• The first and foremost of which would be to vaccinate India’s waste management workers on a priority basis as a recognition of their immense contribution and risks undertaken by them to help contain the coronavirus.
  • Secondly, to truly understand the magnitude of the risk faced by India’s waste management workers, the current data gap on how many sanitation workers are contracting the disease and how many have succumbed to it needs to be filled urgently.
  • In addition to the above, it is imperative that local municipal bodies are tasked with conducting massive awareness drives among the sanitation workers regarding the perils of handling coronavirus related biomedical waste improperly. Even though the NGT has mandated that municipalities must raise awareness among sanitation workers, multiple studies have shown that most sanitation workers have not received any such training. For instance, a study by D. D. Nigam and S. Dubey titled ‘Condition of sanitation workers in India: A survey during COVID-19 and lockdown’  conducted across 5 states and two metros found that more than 68% of the sanitation staff had received no instructions or training on how to safely hand Covid-19 waste.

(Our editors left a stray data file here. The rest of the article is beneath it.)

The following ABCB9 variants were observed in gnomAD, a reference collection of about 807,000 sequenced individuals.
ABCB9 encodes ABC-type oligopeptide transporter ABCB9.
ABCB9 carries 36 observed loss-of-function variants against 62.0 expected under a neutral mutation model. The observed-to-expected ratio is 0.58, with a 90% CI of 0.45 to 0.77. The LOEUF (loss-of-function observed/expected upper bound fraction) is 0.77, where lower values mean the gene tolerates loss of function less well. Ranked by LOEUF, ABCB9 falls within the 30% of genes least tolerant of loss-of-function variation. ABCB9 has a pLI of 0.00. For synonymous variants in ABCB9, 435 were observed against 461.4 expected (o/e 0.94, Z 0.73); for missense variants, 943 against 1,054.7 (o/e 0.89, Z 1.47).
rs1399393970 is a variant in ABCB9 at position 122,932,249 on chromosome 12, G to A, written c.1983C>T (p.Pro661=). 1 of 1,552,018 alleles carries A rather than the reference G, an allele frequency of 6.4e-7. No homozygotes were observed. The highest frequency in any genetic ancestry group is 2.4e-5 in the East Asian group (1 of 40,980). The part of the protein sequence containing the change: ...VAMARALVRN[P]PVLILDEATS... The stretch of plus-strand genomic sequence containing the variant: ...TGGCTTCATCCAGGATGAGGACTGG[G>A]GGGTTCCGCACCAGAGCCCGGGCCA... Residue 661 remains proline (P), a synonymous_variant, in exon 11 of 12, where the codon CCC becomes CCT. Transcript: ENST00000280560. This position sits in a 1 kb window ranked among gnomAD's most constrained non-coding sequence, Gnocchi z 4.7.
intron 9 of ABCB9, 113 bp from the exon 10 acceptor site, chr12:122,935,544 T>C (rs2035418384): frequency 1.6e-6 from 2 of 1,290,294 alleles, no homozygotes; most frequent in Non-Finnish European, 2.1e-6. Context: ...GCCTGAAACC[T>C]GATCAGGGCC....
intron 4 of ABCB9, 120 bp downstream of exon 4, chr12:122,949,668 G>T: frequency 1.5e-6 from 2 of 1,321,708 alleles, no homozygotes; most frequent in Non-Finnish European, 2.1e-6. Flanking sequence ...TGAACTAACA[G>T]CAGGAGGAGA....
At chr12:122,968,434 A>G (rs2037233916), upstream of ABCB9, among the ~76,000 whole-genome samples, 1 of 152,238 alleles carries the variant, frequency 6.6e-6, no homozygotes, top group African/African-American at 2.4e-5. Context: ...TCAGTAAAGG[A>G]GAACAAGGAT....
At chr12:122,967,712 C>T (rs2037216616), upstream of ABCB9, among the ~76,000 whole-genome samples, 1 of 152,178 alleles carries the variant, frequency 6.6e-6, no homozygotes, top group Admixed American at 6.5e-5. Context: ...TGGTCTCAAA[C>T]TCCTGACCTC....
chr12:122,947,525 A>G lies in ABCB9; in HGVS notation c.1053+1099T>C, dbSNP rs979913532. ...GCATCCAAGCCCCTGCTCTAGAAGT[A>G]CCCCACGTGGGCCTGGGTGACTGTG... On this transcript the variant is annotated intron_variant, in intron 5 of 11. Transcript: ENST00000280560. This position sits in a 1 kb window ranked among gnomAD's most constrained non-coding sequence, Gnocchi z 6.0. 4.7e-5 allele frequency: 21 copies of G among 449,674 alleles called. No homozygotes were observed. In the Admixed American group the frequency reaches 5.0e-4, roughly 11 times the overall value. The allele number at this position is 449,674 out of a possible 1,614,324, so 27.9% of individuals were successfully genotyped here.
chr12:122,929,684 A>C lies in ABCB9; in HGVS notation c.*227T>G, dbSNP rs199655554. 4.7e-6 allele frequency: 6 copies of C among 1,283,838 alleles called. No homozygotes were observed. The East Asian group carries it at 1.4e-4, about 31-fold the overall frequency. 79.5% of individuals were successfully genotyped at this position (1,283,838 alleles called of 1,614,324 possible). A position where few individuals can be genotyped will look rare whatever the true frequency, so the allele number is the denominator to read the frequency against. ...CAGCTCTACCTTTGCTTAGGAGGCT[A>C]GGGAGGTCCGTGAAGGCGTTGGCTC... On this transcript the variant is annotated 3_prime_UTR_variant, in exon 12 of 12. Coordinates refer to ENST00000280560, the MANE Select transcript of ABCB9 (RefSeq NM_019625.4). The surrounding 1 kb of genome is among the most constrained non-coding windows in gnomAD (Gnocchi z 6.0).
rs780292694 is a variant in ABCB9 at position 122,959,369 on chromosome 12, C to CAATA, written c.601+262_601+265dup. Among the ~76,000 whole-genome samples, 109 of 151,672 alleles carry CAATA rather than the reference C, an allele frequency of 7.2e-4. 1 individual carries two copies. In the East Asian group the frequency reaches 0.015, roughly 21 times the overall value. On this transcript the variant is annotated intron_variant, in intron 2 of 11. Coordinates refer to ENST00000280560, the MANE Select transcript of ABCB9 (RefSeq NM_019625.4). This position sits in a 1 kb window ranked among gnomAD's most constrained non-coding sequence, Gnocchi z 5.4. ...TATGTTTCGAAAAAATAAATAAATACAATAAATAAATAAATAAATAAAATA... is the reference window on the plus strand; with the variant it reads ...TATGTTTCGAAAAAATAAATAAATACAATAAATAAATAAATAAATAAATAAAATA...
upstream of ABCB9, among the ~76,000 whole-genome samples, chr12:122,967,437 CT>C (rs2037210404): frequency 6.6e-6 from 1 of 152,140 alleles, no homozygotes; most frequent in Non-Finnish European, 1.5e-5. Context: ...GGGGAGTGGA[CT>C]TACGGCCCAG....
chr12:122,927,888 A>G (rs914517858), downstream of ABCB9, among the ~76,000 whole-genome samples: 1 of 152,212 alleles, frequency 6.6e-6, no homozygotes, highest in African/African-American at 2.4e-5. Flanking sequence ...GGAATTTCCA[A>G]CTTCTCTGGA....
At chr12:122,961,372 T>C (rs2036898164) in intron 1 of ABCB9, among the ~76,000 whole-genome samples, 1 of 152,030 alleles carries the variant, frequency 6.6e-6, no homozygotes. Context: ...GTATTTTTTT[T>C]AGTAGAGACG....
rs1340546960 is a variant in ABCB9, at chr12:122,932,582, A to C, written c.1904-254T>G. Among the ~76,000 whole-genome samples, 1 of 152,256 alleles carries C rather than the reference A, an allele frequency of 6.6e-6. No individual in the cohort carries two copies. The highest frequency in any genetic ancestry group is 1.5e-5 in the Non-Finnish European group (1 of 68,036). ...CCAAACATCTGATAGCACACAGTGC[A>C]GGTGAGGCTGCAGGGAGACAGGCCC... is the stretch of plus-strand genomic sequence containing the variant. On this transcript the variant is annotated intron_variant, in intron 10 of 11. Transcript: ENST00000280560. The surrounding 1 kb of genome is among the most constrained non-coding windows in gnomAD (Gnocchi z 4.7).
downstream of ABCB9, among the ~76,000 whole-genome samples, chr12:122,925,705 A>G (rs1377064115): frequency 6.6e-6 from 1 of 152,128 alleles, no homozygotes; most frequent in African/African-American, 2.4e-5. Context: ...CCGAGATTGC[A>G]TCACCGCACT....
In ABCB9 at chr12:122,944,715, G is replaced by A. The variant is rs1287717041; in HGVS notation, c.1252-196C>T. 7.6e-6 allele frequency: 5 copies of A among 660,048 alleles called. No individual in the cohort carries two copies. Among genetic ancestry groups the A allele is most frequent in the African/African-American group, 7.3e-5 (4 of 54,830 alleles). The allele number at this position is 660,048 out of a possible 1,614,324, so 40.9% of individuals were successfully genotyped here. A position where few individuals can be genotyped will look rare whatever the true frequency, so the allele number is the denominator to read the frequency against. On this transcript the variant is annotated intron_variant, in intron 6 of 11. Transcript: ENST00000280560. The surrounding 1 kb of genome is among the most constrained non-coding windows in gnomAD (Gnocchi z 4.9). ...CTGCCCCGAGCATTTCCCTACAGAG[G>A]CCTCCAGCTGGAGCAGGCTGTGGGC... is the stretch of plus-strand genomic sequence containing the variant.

• Lastly, as these workers are literally putting their lives in danger in the line of duty, daily medical camps need to become the norm across the country such that any waste management workers who have contracted the disease can be treated free of charge immediately.

Akhileshwari Reddy is a Research Fellow at Vidhi, Karnataka. Views are personal.

This article was first published by the Vidhi Centre for Legal Policy.